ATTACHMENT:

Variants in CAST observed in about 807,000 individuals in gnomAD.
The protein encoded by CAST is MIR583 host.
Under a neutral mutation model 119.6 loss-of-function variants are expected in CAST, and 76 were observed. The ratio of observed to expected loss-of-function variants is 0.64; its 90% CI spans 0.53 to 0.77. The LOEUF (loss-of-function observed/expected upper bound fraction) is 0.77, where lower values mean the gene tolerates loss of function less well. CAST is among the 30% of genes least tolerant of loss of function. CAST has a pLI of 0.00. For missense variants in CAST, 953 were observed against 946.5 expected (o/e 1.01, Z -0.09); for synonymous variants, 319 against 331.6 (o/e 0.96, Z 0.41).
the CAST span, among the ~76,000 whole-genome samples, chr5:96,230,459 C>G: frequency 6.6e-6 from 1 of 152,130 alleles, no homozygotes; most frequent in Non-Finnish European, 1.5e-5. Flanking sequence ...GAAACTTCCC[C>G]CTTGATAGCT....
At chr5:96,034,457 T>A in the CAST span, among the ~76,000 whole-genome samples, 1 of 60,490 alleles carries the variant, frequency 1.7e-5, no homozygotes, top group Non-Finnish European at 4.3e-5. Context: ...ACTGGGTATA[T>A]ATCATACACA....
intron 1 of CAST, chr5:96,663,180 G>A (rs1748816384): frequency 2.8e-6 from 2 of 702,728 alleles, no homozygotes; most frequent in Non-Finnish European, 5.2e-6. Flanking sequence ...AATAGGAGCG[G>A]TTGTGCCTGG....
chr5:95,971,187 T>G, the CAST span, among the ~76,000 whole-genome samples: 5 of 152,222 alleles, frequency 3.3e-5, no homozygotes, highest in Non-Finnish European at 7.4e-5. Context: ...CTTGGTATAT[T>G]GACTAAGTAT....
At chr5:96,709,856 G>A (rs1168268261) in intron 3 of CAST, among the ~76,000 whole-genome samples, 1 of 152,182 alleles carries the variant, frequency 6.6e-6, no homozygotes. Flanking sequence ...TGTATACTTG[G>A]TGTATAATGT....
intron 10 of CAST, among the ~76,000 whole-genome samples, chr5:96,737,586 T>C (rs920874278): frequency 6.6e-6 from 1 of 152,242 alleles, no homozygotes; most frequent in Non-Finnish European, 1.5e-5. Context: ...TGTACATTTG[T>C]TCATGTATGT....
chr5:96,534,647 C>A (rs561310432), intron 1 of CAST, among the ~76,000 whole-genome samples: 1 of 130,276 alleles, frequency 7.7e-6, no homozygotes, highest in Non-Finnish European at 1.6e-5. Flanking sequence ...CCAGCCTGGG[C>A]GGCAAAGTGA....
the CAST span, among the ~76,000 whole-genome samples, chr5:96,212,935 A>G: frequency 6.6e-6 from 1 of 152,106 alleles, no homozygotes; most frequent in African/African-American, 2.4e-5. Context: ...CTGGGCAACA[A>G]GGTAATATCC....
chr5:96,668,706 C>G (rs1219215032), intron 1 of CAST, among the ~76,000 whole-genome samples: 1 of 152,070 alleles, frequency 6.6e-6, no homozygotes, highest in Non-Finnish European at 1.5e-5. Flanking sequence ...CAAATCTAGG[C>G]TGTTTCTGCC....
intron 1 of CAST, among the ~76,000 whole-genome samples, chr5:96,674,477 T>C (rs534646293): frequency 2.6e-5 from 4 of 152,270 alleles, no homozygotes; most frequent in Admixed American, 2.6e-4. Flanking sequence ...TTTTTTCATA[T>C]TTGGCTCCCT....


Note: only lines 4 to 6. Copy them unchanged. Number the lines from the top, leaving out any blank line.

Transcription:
the CAST span, among the ~76,000 whole-genome samples, chr5:96,230,459 C>G: frequency 6.6e-6 from 1 of 152,130 alleles, no homozygotes; most frequent in Non-Finnish European, 1.5e-5. Flanking sequence ...GAAACTTCCC[C>G]CTTGATAGCT....
At chr5:96,034,457 T>A in the CAST span, among the ~76,000 whole-genome samples, 1 of 60,490 alleles carries the variant, frequency 1.7e-5, no homozygotes, top group Non-Finnish European at 4.3e-5. Context: ...ACTGGGTATA[T>A]ATCATACACA....
intron 1 of CAST, chr5:96,663,180 G>A (rs1748816384): frequency 2.8e-6 from 2 of 702,728 alleles, no homozygotes; most frequent in Non-Finnish European, 5.2e-6. Flanking sequence ...AATAGGAGCG[G>A]TTGTGCCTGG....